To reduce complexity and to increase the placement precision between columns, column

elements can be made common between the columns by using bars with precision cut holes to

form the lens elements.

[1012] The present invention also includes systems for collecting secondary particles. As

opposed to convention side-mounted detectors, secondary particles are collected along the optical axis of the ion beam column. The secondary particles are then either deflected off the ion beam column axis to a detector or the secondary particles are detected by a detector positioned along

the axis and having a hole for passing the ion beam. The on-axis detector may be positioned on

either above or below the final lens. .

[1013] In one preferred embodiment, the secondary particles are accelerated through the final

lens in a manner such that the resolution of the ion beam is not significantly degraded and then the secondary particles are deflected away from the ion column optical axis toward a detector.

This through-the-lens detector arrangement allows the sample to be placed close to the final lens, thus shortening its focal length and providing improved column optical performance (greater current into the same beam diameter). The system for collecting secondary particles through the final ion lens can be used on multi-column or single column ion beam systems. In another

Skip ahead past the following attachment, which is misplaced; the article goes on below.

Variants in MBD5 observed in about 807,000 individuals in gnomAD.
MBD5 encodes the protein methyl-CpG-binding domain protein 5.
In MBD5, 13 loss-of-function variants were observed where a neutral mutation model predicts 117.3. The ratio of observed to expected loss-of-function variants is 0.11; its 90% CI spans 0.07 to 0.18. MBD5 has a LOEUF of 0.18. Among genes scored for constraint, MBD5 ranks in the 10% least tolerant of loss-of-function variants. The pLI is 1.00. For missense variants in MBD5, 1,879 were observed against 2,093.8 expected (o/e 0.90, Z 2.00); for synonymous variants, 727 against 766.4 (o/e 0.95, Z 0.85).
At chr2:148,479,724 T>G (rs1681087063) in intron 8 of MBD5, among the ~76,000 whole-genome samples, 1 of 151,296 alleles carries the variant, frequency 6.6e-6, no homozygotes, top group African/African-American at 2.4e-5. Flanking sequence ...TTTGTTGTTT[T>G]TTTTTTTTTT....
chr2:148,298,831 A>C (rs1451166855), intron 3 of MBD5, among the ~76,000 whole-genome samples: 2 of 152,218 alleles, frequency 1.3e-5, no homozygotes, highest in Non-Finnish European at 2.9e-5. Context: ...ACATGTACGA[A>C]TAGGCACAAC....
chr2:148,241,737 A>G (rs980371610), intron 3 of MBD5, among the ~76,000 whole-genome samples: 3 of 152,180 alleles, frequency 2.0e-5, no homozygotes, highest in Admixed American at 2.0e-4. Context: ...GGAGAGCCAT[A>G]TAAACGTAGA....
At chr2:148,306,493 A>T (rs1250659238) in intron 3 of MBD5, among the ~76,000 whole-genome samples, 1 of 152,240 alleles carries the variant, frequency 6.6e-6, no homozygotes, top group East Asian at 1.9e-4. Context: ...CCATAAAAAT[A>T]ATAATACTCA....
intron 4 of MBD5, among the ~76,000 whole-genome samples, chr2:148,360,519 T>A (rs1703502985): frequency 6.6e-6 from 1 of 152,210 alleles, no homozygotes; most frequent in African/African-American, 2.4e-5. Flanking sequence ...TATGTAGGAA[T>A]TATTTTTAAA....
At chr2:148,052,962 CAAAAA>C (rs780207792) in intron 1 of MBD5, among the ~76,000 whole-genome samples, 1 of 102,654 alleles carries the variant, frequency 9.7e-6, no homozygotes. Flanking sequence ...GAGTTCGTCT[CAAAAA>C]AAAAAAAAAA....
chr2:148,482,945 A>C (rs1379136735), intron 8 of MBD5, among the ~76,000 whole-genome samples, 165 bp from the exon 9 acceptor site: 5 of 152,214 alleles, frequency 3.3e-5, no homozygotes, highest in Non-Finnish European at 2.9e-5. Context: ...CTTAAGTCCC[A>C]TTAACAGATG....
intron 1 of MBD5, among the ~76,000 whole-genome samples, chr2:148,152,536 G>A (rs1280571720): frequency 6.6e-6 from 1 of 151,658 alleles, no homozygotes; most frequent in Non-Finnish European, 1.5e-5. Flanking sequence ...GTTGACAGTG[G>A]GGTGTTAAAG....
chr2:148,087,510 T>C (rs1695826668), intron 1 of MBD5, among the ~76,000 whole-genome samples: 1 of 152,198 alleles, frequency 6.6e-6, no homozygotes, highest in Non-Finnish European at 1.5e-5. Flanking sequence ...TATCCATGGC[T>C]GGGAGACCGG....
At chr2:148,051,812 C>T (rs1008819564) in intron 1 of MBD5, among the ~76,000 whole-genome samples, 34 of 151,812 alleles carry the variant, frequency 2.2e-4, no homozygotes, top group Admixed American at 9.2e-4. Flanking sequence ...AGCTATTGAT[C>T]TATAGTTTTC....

preferred embodiment, a conductive plate is used to detect the secondary particles.

[1014] The foregoing has outlined rather broadly the features and technical advantages of the present invention in order that the detailed description of the invention that follows may be better

understood. Additional features and advantages of the invention will be described hereinafter

which form the subject of the claims of the invention. It should be appreciated by those skilled in

the art that the conception and specific embodiment disclosed may be readily utilized as a basis for modifying or designing other structures for carrying out the same purposes of the present

invention. It should also be realized by those skilled in the art that such equivalent constructions

do not depart from the spirit and scope of the invention as set forth in the appended claims.

Brief Description of the Drawings

[1015] For a more complete understanding of the present invention, and the advantages

thereof, reference is now made to the following descriptions taken in conjunction with the accompanying drawings, in which:

[1016] FIG. 1 is a side, cross-sectional view of a single FIB column set containing five FIB columns.

[1017] FIG. 2 A is a top view of three column sets fastened together to form a 15 column